Monday, February 11, 2008

Yea for Donis, and more on Book Awards

Vicki here.

First off, heart-felt congratulations to Donis. Well done. For what it’s worth, I’ll be rooting for you to win.

I also think it’s great that a mystery novel has been nominated for what I’ll call, for lack of a better word, a mainstream award. The idea of a mystery being nominated for an award in Canada (other than the Arthur Ellis awards for crime writing) makes me break out in paroxysms of hysterical laughter. Not gonna happen.

I was discussing the state of Canadian literature the other day with a friend, and we concluded that although Canadian mysteries are very popular with readers, they are pretty much scorned by most Canadian publishers and agents in favour of ‘literary’ works. (You put your nose in the air when you say that). And even more so by the esteemed judges of award committees. The day Peter Robinson or Giles Blunt is nominated for a Giller or a GG, (you have to be Canadian to know what they are), or even the Saskatchewan Book Awards I’ll eat my hat. Although I’d probably guess that Peter and Giles outsell by a wide margin (taking world wide sales into account) the latest graduate of the U.B.C. creative writing program who’s written a heartbreaking novel of love and loss in Newfoundland fishing villages or an insightful work of a family torn by conflict in a hardscrabble prairie farm.

Before I get too far into Canadian-bashing, I’ll also take a guess that it would be about as difficult to get a mystery set in New York into the finalists for a mainstream New York award.

Am I complaining? Not really. I like writing crime novels, I like the sense of community in the mystery world that you don’t get in the ‘literary’ world, I like people reading my books and telling me that they enjoyed them. Although the money given out by something like the Giller would be nice, too.

I wish I had the exact quote here, but recently in the Globe and Mail, the wonderful irreverent Russell Smith said something about how crime writers could teach literary writers a thing or two about plot.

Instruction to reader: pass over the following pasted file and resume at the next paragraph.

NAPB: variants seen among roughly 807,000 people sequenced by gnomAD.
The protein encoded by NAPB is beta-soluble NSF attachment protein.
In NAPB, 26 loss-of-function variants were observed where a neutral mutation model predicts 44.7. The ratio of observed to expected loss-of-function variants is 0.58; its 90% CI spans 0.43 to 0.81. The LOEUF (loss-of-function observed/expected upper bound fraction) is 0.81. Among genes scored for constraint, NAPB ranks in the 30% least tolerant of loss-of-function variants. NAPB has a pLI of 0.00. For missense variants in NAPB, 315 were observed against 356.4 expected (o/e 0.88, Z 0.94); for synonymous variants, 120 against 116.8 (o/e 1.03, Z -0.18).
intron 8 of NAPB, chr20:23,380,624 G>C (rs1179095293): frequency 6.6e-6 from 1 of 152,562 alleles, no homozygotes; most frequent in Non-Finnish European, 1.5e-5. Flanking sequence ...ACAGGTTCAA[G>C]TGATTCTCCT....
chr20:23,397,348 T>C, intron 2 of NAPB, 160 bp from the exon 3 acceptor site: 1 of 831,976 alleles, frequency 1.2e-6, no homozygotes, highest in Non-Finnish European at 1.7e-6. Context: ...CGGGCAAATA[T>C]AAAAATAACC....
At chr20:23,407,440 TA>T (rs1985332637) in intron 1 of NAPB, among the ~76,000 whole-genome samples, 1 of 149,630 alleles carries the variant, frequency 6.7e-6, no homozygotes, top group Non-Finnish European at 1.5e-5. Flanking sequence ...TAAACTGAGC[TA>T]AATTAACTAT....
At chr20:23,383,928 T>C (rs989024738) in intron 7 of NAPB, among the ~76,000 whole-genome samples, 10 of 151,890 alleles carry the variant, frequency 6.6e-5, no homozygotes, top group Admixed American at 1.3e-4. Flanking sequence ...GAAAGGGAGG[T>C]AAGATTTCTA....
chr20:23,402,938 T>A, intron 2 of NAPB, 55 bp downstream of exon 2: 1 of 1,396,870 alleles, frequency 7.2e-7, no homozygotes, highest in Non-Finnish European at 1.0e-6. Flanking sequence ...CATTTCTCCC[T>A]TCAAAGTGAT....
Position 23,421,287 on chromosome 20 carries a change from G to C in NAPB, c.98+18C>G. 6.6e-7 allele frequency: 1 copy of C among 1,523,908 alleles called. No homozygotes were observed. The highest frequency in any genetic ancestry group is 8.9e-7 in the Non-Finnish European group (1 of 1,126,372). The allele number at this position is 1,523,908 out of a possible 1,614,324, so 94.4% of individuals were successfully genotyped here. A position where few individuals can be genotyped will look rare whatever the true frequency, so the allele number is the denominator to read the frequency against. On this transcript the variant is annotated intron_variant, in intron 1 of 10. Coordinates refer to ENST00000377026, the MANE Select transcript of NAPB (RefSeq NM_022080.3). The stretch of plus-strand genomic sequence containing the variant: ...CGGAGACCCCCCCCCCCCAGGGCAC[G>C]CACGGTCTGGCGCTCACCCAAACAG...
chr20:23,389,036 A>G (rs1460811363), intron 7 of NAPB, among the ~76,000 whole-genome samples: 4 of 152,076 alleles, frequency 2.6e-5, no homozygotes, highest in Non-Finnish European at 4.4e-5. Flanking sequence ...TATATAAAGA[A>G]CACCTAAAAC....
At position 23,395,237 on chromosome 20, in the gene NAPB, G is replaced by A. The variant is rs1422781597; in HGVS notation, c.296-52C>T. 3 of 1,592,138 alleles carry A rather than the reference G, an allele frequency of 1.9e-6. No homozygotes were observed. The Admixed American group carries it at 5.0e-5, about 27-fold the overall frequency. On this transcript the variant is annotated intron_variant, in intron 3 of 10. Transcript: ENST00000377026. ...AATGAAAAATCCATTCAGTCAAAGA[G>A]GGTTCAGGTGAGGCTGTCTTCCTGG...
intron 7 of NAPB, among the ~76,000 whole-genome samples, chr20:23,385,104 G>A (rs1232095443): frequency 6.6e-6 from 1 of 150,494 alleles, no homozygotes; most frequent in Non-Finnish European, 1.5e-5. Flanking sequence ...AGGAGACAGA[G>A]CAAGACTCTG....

That’s my two cents worth on mainstream book awards, and if anyone can prove I’m wrong, please, please, set me straight.


JJ said...

I read something by Peter Robinson not long ago that kind of stuck. He's a great writer and the only difference between his work and that of a more 'literary' vein is that the set-up and, possibly, the resolution follow a path. Otherwise, I'd put him up beside any of our Canadian award winning authors any day for style, emotional connection, &c. Anyway, here's what he said in the Quill and Quire about his sales and recognition not being as high in Canada: 'Most of the time, I think, ‘I made the New York Times bestseller list, I made the Sunday Times bestseller list, I’m a bestseller in Sweden, France, Italy – when it really comes down to it, fuck Canada.”
It's too bad that we in Canada are so often so provincial and weak-kneed about our own arts that we need to push forth our most difficult writers as being 'Canadian'.

Vicki Delany said...

Sad, isn't it.

Vicki Delany said...

A lot of people don't even know PR is Canadian. When I tell them he lives in Toronto, they're usually surprised.

Rick Blechta said...

Okay, Vicki, to be fair, he's originally a Brit. He's no more Canadian than, why, I am! If their only contact with Peter is hearing him speak, they're going to go away thinking he's what he really is: a Yorkie.

That being said, I'm glad he's thrown in his lot with us Canucks. We have every right to be proud of him. Unfortunately, every artist in Canada suffer from the same thing: lack of recognition.

Look at the music biz. How many musicians had to go to the States to become famous and have their music heard? Joni Mitchell, Neil Young, the Band...